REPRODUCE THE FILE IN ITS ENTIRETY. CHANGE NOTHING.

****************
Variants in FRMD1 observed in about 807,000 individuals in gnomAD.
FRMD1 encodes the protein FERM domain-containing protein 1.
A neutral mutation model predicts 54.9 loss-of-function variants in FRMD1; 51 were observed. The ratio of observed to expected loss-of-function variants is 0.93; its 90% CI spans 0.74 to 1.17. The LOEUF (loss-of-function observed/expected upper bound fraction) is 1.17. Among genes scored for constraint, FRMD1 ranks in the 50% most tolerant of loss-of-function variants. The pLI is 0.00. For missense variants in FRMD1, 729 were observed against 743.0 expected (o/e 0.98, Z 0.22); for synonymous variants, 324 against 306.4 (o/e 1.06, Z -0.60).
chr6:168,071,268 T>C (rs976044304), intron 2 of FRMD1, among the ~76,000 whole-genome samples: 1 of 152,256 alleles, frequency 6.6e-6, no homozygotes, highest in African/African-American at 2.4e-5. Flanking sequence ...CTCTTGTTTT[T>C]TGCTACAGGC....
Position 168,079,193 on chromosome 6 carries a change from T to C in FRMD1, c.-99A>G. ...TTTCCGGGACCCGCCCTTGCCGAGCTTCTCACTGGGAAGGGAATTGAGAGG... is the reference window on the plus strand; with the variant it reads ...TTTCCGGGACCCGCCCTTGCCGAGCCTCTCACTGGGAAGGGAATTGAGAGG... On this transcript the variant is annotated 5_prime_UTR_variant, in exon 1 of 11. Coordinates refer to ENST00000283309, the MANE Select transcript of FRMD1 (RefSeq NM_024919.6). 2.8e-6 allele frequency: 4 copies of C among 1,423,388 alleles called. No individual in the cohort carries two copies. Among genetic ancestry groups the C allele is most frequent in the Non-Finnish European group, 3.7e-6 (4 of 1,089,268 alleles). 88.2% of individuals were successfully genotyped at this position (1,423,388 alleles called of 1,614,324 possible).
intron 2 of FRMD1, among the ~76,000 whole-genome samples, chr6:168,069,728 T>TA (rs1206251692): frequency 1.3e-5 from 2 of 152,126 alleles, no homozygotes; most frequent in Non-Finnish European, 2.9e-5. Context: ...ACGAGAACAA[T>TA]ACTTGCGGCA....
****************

Variants in FRMD1 observed in about 807,000 individuals in gnomAD.
FRMD1 encodes the protein FERM domain-containing protein 1.
A neutral mutation model predicts 54.9 loss-of-function variants in FRMD1; 51 were observed. The ratio of observed to expected loss-of-function variants is 0.93; its 90% CI spans 0.74 to 1.17. The LOEUF (loss-of-function observed/expected upper bound fraction) is 1.17. Among genes scored for constraint, FRMD1 ranks in the 50% most tolerant of loss-of-function variants. The pLI is 0.00. For missense variants in FRMD1, 729 were observed against 743.0 expected (o/e 0.98, Z 0.22); for synonymous variants, 324 against 306.4 (o/e 1.06, Z -0.60).
chr6:168,071,268 T>C (rs976044304), intron 2 of FRMD1, among the ~76,000 whole-genome samples: 1 of 152,256 alleles, frequency 6.6e-6, no homozygotes, highest in African/African-American at 2.4e-5. Flanking sequence ...CTCTTGTTTT[T>C]TGCTACAGGC....
Position 168,079,193 on chromosome 6 carries a change from T to C in FRMD1, c.-99A>G. ...TTTCCGGGACCCGCCCTTGCCGAGCTTCTCACTGGGAAGGGAATTGAGAGG... is the reference window on the plus strand; with the variant it reads ...TTTCCGGGACCCGCCCTTGCCGAGCCTCTCACTGGGAAGGGAATTGAGAGG... On this transcript the variant is annotated 5_prime_UTR_variant, in exon 1 of 11. Coordinates refer to ENST00000283309, the MANE Select transcript of FRMD1 (RefSeq NM_024919.6). 2.8e-6 allele frequency: 4 copies of C among 1,423,388 alleles called. No individual in the cohort carries two copies. Among genetic ancestry groups the C allele is most frequent in the Non-Finnish European group, 3.7e-6 (4 of 1,089,268 alleles). 88.2% of individuals were successfully genotyped at this position (1,423,388 alleles called of 1,614,324 possible).
intron 2 of FRMD1, among the ~76,000 whole-genome samples, chr6:168,069,728 T>TA (rs1206251692): frequency 1.3e-5 from 2 of 152,126 alleles, no homozygotes; most frequent in Non-Finnish European, 2.9e-5. Context: ...ACGAGAACAA[T>TA]ACTTGCGGCA....